There is an ongoing series happening at Reh Kunst, in which an artist is chosen to present their work for the duration of one week. 7 days and then the space is taken over by another creatives’ mind. The gallery looks like a small trailer, with wood-pressured plank walls, grossly assembled together, a far cry from the habitual white concrete walls. Inside was housed the work of Carly Fischer, disposed in a seemingly arbitrary way, the trash, coke bottles, plastic bags, pieces of city relics were strewn along the walls. A subtile and vibrating sound was echoing through ones ears and legs, and kept our gazes spinning round the space to try and figure where exactly this was coming from. The sound resembled the vibrating noise a truck makes when passing outside your home, ubiquitous, vibrating, but creating a crescendo inside your lobes, which is disconcerting when you cannot see the actual speaker it is coming from. The viewer is then confronted to self-doubt about the actual sound and its provenance. Finally deciding to make my way through the small space I finally noticed that this was coming from a radiator-like piece on the floor, and was informed that it was a sound scape based on Kraftwerks’ work.
Upon my first-walk through which lasted 3 minutes 13 seconds, trying to get images for this text, something glitched, these pieces were a tad different from all of the Lidl bags, coke bottles, cigarette wrappers, and garbage I am constantly seeing on the floor of the city, and inside my own appartment(though generally not on my floor, but in the garbage can). The letters were skewed a bit, the lines were not machine-made prints, they bled, the transparent plastic bag was made of parchment paper, and though crumpled to give the effect of the actual entity, this was not in fact the actual grocery bag, but a paper replica. Going back for my second turn and actually taking the time to notice what I had in front of me, instead of numbingly going through the garbage, I noticed, to great enjoyment, that all of these pieces were in fact made out of paper by the artist herself. Hearing the not-so-distant conversation happening to my left, the artist was explaining how she had started by making these exact realist replicas’ of her subjects but had decided to play with the viewers’ optics, making them slightly imperfect, inciting a second look, directing the public to go back to examine the pieces so common to them.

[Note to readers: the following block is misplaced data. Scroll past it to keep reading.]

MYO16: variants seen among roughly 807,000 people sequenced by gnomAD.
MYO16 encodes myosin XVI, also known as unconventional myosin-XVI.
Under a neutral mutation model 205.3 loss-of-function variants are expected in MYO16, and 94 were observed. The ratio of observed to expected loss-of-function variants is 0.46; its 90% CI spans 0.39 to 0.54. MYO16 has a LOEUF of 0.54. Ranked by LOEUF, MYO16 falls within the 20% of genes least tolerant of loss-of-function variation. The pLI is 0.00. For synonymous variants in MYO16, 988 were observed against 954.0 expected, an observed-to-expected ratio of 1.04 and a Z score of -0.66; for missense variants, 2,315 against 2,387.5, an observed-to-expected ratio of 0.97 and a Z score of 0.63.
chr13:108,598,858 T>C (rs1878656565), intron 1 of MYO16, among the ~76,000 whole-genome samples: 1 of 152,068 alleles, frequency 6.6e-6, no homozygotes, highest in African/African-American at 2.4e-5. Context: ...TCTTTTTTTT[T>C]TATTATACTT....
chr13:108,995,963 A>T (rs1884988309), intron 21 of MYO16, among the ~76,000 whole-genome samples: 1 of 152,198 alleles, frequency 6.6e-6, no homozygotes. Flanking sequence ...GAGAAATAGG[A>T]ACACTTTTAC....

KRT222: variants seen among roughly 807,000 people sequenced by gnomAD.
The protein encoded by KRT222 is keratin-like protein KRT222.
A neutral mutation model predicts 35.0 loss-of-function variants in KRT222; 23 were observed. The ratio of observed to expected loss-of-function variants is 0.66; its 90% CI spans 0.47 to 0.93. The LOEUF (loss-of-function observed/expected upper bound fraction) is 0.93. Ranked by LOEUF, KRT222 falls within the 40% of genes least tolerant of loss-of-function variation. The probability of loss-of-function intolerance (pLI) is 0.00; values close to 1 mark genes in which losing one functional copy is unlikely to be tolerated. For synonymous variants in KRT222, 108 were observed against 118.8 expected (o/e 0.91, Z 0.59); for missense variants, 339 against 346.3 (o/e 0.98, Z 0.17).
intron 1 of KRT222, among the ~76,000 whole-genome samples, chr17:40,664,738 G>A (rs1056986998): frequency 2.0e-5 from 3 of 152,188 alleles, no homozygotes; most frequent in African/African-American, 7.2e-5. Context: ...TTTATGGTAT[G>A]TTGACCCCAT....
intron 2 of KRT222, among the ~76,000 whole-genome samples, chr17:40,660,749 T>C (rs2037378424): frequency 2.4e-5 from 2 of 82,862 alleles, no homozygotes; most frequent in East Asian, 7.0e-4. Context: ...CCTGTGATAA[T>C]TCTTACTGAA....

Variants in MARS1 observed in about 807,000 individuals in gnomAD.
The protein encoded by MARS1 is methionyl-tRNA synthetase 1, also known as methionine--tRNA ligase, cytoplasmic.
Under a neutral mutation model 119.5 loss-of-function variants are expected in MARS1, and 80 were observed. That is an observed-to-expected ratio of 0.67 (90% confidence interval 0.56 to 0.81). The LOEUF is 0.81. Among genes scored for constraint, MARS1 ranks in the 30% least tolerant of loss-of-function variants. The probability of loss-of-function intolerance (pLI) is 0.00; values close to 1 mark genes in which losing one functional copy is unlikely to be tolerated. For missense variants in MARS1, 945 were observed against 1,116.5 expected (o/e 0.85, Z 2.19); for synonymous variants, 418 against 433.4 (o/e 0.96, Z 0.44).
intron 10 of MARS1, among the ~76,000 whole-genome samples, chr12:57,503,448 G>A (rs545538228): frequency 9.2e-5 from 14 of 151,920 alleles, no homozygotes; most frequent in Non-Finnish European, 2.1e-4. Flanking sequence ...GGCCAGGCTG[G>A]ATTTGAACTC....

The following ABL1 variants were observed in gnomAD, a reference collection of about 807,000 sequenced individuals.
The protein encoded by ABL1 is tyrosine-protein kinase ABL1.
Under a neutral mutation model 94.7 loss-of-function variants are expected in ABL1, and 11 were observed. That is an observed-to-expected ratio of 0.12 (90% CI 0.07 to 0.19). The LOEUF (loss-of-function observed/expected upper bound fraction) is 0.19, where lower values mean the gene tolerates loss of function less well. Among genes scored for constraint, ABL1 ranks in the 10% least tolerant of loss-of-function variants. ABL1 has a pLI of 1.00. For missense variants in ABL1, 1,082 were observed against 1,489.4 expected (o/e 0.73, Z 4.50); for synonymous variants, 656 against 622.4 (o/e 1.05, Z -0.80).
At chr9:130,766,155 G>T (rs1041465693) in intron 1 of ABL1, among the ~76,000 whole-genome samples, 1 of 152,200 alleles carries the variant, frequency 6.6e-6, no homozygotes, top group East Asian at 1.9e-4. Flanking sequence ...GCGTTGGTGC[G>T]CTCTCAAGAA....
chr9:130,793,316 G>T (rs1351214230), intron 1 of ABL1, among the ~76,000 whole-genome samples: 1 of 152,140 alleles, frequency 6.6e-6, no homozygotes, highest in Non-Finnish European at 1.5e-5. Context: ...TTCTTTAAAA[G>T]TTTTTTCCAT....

Her piece I Want to Love You But I’m Getting Blown Away plays on the notion of the transitional individual experiences in Berlin, how people are continually coming and going. The trash embodying the notion of Berlin as this constantly-moving gritty metropolis, the “generic models(…) propose a kind of street culture that has been cleansed and disinfected for general consumption.”(1)A true reaction to the gentrification process happening here threatening (up to a certain point) to make this German city look like a procession of stuccoed boxes and neat streets.